Read on...Stellan Holm Gallery, New York
Sikkema Jenkins & Co, New York
I’M YOURS NOW - Curated by Arturo Herrera
Jeff Bechtel, Terry Haggerty, Ann Veronica Janssens, Simon Dybbroe Møller, Jorge Queiroz, Jan Van Der Ploeg, Claudia Wieser
I'm Yours Now brings together seven international artists, some making their first US appearance. Each artist work exclusively within the given architecture of the Sikkema Jenkins & Co. gallery space.
The exhibition explores the potential of the space to generate site-specific pieces ranging from the pictorial to the conceptual. Working within a hybrid arena of abstraction and representation, all the artists will re-address the space as ground for images and visual environments. An underlying temporality unites all the works. They will all be destroyed, painted over or switched off at the end of the exhibit.
Read on...Sikkema Jenkins & Co, New York
303 Gallery, New York
A Broken Arm - curated by Mari Spirito
lutz bacher, hans-peter feldmann, karen kilimnik, katy moran, arnold odermatt, djordje ozbolt, gedi sibony
excerpt from Chelsea Is a Battlefield
The New York Times, July 28, 2006
“A Broken Arm” at 303 Gallery has been assembled by Mari Spirito, the gallery’s director, using a title lifted from Duchamp, specifically his 1915 ready-made snow shovel, “In Advance of a Broken Arm.” With seven artists, the show pits painting against photography, flat against dimensional, found against made.
Most works imply Duchampian degrees of disarray and chance, from Arnold Odermatt’s documentary photographs of car accidents in the Swiss countryside to Gedi Sibony’s mocking affirmations of formalism in twig, carpet and Sheetrock. Katy Moran’s deft, gestural paintings may do for abstraction what John Currin did for figuration: make it new and old at the same time. Djordje Ozbolt’s small, quirky paintings are sometimes worth a look. Works by Lutz Bacher, Hans-Peter Feldman and the under-appreciated Karen Kilimnik round out the bill.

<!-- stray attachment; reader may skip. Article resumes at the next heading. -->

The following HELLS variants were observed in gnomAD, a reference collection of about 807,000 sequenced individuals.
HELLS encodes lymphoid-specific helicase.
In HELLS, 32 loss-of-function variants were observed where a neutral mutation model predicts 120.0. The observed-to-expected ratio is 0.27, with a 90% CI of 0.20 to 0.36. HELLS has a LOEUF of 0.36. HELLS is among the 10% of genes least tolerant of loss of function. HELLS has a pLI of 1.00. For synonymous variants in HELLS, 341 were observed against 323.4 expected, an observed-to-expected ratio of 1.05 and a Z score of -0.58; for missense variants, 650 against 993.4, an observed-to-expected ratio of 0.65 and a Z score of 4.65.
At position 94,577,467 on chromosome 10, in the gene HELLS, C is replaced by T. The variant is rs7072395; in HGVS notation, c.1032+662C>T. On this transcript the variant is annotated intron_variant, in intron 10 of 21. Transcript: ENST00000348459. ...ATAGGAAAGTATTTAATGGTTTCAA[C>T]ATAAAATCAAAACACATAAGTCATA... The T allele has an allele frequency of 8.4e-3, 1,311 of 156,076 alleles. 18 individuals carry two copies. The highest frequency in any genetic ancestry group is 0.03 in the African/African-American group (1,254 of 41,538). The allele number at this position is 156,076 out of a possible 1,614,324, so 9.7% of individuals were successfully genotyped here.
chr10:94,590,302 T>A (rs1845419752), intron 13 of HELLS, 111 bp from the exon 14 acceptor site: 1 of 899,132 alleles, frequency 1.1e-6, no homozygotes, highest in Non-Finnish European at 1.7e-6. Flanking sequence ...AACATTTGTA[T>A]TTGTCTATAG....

Read on...303 Gallery, New York
Wendy Cooper Gallery, Chicago
Are You Serious? - Curated by Lindsey L. Delahanty & Jason Lazarus
Paul Damato, Ken Ellis, Michelle Faust, Anne Harris, Irena J. Knezevic, Noelle Mason, Sabrina Raaf, Mary Scherer, Greg Stimac
Are You Serious is an exhibition featuring artists working outside the proliferation of the ubiquitous Neo-Psychedelia movement, a genre favoring heavily stylized adolescent drawings, goth/rock and roll signifiers, and the hippie/skate culture aesthetic. Our curatorial strategy sought to investigate artists who work within the discourse of the contemporary art world while circumventing stylistic trends in their work.
The participants in Are You Serious are unified by their commitment to delving deeply into political and cultural tension, resulting in a lack of stylistic uniformity while developing sophisticated artworks that examine contemporary issues including: race, class, environmental issues, consumption, the violence of environmental waste, depression, mortality, institutional control, gender roles, death, ritual, loss, grief, denial, mathematics, nuclear technology and the cannon of art history.
Read on...Wendy Cooper Gallery, Chicago
White Cube, London
Art & Language, Katharina Fritsch, Felix Gonzalez- Torres, Mark Grotjahn, Damien Hirst, Gary Hume, Ellsworth Kelly, Damián Ortega, Ad Reinhardt, Richard Serra, Hiroshi Sugimoto, Gavin Turk, Andy Warhol and Cerith Wyn Evans.
White Cube is pleased to present Dark Matter, a term astronomers came up with to refer to the invisible expanses between points of visibility – an enigmatic darkness, or, in the words of the poet ee cummings, 'the wonder that's keeping the stars apart'. Almost all the works in the exhibition are black or to do with darkness.
Since Kasimir Malevich’s 'Black Square' of 1915 artists have been making black works according to different aesthetic premises. The black monochrome has, however, engendered a paradoxical history as arguably a 'last painting', a zero point beyond which painting could not go, suggesting painting as an object instead of as a window onto another space. And yet it was also experienced as a kind of negative icon, representing a sacred transfiguration of the material into the immaterial.
The artists in this exhibition make their works according to very different aesthetic and conceptual premises but can be seen in various ways to replay and recast this paradoxical history – reworking minimalism, exploring the negative sublime in works concerned with a dark light and in making works that preserve an emblematic and reduced image within their extreme abstraction, like icons which discharge a negative aura.
Read on...White Cube, London
Next from re-title.com
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Early September 2006 - Painting
Mid September 2006 - Sculpture